Imagining the reinvention of democracy
WORLD VIEW:Is the age of party democracy over, as the late scholar Peter Mair argued?
ROLLING PROTESTS in Spain, mass demonstrations in Portugal, Italian trade-union strike threats, continuous street politics in Greece, and a rapid-fire online rebellion in France against a new tax on small-business innovation.
These recent events all point to great turbulence in European politics, which is confronted with the imperatives of imposed austerity within the EU and the question of who should bear its costs. Can domestic politics take the strain or will electorates revolt? Might that take a populist turn? What effects do wider changes in the quality of party democracy have on these developments? Are governments capable of combining responsiveness to the voters who elected them with responsibility to implement agreed policies?
Or is democracy being eroded and hollowed out at national level without being adequately compensated elsewhere in the multilevel political systems we now inhabit in the EU?
These questions were considered last week at a conference in Florence at the European University Institute in honour of Peter Mair, the Irish political scientist who taught there until his sudden death last year. It is a tribute to his international standing and influence as a writer on European political parties and their democratic role that such issues can so readily be framed in terms of his research and theories.
A forthcoming book completed before he died, Ruling the Void, The Hollowing-Out of Western Democracy (Verso), will give an overview of his argument. In its introduction, he says: “The age of party democracy has passed. Although the parties themselves remain, they have become so disconnected from the wider society, and pursue a form of competition that is so lacking in meaning, that they no longer seem capable of sustaining democracy in its present form.”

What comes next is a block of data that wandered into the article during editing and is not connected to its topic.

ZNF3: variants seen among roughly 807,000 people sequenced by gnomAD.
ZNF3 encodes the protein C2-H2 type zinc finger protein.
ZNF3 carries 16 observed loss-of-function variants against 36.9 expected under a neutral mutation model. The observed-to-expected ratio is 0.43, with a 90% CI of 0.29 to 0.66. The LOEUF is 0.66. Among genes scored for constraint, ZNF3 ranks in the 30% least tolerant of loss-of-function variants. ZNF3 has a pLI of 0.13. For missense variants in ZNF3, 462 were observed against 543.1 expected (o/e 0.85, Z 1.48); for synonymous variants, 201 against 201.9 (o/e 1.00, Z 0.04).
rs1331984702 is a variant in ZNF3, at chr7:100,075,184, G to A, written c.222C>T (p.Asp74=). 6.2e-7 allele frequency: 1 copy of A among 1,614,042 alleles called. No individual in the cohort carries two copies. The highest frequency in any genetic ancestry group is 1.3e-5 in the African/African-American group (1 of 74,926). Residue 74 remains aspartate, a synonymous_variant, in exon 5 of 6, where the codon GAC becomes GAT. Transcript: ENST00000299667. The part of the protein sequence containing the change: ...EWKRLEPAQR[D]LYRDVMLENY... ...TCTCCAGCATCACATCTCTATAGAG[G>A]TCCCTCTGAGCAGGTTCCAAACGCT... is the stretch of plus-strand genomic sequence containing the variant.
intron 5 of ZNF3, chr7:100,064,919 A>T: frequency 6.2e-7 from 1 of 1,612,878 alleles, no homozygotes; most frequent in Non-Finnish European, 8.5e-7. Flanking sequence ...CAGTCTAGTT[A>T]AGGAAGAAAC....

His case is supported by evidence of sharply falling party membership, declining election turnouts, loss of trust, growth of voting volatility and reduced party identification – all indicating a withdrawal from the institutions indispensable to the introduction of popular democracy throughout Europe a century and more ago.
That is paralleled by a reconfiguration of political elites into a converging professional governing class insulated from popular control and increasingly relying on personalised leadership and media to communicate and justify their rule. An associated depoliticisation transfers governance to independent agencies, courts, banks – and to an inadequately accountable EU. A dangerous partyless populism could emerge in these conditions.
The scholars attending the conference debated these propositions in an appreciative yet critical spirit. Some shared Mair’s pessimism about the erosion of European parties’ capacity to represent and respond to citizens in the past 20 to 25 years and the consequent deterioration in democratic quality.